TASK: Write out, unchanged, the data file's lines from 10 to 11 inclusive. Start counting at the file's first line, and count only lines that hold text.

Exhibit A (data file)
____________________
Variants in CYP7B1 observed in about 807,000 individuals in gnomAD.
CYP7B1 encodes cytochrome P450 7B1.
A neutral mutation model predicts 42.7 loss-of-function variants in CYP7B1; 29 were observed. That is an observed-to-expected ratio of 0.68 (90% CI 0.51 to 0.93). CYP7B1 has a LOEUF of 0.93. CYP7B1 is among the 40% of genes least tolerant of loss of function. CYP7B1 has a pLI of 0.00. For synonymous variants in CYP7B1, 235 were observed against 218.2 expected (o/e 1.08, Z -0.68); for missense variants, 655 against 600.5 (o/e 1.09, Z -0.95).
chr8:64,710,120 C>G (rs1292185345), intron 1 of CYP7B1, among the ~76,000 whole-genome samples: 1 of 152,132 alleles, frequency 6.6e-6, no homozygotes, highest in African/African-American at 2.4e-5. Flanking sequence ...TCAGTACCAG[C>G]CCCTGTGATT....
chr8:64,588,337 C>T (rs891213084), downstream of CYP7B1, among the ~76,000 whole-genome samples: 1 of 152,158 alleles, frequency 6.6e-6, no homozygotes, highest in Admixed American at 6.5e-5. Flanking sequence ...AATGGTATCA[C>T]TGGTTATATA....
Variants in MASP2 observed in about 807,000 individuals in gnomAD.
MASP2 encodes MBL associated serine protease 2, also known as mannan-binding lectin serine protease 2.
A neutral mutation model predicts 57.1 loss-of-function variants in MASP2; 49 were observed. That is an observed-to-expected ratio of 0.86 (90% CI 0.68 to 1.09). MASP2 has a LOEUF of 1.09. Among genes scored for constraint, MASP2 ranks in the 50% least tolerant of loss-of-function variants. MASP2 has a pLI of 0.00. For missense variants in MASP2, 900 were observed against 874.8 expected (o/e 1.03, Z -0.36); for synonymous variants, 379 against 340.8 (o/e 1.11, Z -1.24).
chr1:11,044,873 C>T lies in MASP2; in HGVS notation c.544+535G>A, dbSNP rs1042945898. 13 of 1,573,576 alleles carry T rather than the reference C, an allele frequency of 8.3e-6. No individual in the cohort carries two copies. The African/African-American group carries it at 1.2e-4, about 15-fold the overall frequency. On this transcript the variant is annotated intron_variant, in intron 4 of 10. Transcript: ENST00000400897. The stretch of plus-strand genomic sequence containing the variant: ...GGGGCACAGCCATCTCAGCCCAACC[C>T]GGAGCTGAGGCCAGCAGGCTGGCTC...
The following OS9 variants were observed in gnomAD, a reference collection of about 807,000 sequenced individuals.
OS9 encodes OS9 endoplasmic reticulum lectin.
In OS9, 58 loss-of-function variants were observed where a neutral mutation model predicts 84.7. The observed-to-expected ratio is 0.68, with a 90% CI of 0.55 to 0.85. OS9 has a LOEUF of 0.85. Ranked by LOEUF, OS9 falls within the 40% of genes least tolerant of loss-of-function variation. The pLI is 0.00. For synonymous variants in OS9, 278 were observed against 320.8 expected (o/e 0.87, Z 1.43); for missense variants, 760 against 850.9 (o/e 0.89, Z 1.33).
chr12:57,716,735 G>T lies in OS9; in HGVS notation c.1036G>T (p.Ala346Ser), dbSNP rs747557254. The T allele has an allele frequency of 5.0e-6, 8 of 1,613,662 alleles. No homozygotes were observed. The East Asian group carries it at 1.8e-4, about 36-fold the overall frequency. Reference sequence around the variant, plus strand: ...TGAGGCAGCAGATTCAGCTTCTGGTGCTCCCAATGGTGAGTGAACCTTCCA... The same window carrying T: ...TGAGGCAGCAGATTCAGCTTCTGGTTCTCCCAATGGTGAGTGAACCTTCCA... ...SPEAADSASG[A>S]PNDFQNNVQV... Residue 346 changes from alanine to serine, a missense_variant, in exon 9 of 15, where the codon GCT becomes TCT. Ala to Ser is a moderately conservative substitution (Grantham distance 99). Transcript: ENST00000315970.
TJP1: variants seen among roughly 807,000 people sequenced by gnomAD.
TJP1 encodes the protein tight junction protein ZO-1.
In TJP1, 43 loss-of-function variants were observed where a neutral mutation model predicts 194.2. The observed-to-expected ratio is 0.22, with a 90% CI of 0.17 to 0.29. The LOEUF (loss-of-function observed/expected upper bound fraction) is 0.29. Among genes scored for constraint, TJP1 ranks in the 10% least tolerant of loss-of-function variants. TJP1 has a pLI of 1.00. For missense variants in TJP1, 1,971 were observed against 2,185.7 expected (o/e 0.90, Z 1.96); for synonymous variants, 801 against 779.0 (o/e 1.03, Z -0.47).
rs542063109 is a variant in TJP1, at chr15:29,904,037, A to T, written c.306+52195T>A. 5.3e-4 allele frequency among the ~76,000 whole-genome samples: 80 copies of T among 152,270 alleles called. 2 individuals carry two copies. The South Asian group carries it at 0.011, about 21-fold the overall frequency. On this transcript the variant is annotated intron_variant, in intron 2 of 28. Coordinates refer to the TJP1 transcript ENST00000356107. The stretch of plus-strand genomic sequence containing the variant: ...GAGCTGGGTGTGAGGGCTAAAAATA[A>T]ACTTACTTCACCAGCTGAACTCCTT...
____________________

The following OS9 variants were observed in gnomAD, a reference collection of about 807,000 sequenced individuals.
OS9 encodes OS9 endoplasmic reticulum lectin.